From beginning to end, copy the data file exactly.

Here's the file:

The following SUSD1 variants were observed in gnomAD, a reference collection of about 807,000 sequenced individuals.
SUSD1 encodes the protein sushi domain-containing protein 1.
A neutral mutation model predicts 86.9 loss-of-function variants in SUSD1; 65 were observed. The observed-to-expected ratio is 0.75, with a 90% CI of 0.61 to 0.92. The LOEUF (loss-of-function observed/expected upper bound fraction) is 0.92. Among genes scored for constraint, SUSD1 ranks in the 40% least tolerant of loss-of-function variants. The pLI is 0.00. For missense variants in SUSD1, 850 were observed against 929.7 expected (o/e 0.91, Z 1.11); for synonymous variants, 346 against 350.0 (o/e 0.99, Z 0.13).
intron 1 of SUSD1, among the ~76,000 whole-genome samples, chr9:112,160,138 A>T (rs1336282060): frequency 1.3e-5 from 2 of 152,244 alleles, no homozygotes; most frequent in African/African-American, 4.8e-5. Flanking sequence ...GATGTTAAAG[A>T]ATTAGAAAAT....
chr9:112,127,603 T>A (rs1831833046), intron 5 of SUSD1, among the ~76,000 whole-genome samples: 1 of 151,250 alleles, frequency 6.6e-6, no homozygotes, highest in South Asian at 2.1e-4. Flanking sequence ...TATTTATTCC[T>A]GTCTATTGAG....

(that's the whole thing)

The following SUSD1 variants were observed in gnomAD, a reference collection of about 807,000 sequenced individuals.
SUSD1 encodes the protein sushi domain-containing protein 1.
A neutral mutation model predicts 86.9 loss-of-function variants in SUSD1; 65 were observed. The observed-to-expected ratio is 0.75, with a 90% CI of 0.61 to 0.92. The LOEUF (loss-of-function observed/expected upper bound fraction) is 0.92. Among genes scored for constraint, SUSD1 ranks in the 40% least tolerant of loss-of-function variants. The pLI is 0.00. For missense variants in SUSD1, 850 were observed against 929.7 expected (o/e 0.91, Z 1.11); for synonymous variants, 346 against 350.0 (o/e 0.99, Z 0.13).
intron 1 of SUSD1, among the ~76,000 whole-genome samples, chr9:112,160,138 A>T (rs1336282060): frequency 1.3e-5 from 2 of 152,244 alleles, no homozygotes; most frequent in African/African-American, 4.8e-5. Flanking sequence ...GATGTTAAAG[A>T]ATTAGAAAAT....
chr9:112,127,603 T>A (rs1831833046), intron 5 of SUSD1, among the ~76,000 whole-genome samples: 1 of 151,250 alleles, frequency 6.6e-6, no homozygotes, highest in South Asian at 2.1e-4. Flanking sequence ...TATTTATTCC[T>A]GTCTATTGAG....